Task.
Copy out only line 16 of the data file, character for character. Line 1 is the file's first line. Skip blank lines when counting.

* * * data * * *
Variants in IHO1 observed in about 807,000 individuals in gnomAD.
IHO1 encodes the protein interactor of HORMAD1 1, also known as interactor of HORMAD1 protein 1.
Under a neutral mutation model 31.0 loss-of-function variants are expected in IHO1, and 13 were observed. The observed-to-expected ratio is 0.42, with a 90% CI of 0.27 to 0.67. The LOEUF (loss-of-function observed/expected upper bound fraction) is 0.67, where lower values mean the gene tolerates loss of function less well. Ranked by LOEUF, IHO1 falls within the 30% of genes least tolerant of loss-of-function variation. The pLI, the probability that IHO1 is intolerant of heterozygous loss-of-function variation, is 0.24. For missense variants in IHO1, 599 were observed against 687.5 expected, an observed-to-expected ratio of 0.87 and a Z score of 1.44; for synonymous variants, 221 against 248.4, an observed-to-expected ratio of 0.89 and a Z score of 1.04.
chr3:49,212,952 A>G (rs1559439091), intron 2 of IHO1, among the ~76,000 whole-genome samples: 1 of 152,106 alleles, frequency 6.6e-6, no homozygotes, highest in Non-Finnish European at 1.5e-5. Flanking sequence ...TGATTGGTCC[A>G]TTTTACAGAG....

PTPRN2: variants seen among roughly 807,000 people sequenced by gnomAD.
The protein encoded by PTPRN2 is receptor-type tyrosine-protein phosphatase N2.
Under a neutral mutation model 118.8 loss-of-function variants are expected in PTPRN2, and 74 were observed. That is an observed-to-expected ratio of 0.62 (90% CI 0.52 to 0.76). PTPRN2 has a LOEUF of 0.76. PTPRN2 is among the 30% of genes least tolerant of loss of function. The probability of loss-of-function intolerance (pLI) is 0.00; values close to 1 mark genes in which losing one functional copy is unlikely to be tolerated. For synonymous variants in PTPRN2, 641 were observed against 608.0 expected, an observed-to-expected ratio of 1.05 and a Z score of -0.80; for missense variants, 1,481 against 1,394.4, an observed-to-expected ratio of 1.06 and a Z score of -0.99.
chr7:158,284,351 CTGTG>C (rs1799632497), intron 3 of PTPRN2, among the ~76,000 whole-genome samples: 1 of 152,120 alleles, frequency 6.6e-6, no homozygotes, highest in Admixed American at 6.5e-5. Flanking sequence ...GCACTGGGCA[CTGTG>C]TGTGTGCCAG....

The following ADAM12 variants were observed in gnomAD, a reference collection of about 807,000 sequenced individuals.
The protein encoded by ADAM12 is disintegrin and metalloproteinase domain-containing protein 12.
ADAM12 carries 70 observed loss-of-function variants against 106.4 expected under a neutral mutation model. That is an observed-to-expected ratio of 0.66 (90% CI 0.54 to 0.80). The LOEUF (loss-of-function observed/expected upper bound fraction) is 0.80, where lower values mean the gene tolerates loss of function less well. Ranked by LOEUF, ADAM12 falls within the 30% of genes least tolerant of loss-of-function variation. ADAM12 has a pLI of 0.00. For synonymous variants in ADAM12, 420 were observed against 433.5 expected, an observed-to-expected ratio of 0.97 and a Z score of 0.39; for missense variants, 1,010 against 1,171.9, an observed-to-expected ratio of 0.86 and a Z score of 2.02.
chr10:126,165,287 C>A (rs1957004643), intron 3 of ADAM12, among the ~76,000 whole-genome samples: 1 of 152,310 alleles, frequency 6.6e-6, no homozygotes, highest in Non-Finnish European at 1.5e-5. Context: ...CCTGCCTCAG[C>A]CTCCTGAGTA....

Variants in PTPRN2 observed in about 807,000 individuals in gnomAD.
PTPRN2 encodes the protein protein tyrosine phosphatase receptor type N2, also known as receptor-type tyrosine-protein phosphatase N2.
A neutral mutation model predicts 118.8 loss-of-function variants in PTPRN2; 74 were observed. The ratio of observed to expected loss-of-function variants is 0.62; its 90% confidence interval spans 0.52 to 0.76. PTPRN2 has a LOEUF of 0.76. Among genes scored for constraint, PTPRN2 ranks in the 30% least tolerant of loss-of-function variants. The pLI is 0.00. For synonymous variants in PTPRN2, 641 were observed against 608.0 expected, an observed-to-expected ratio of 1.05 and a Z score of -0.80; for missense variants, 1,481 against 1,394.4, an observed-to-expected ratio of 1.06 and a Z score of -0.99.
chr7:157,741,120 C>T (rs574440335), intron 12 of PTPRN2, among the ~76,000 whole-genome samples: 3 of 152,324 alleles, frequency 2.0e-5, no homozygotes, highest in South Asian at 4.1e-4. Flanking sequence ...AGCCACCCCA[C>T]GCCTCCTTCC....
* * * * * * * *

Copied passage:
chr7:157,741,120 C>T (rs574440335), intron 12 of PTPRN2, among the ~76,000 whole-genome samples: 3 of 152,324 alleles, frequency 2.0e-5, no homozygotes, highest in South Asian at 4.1e-4. Flanking sequence ...AGCCACCCCA[C>T]GCCTCCTTCC....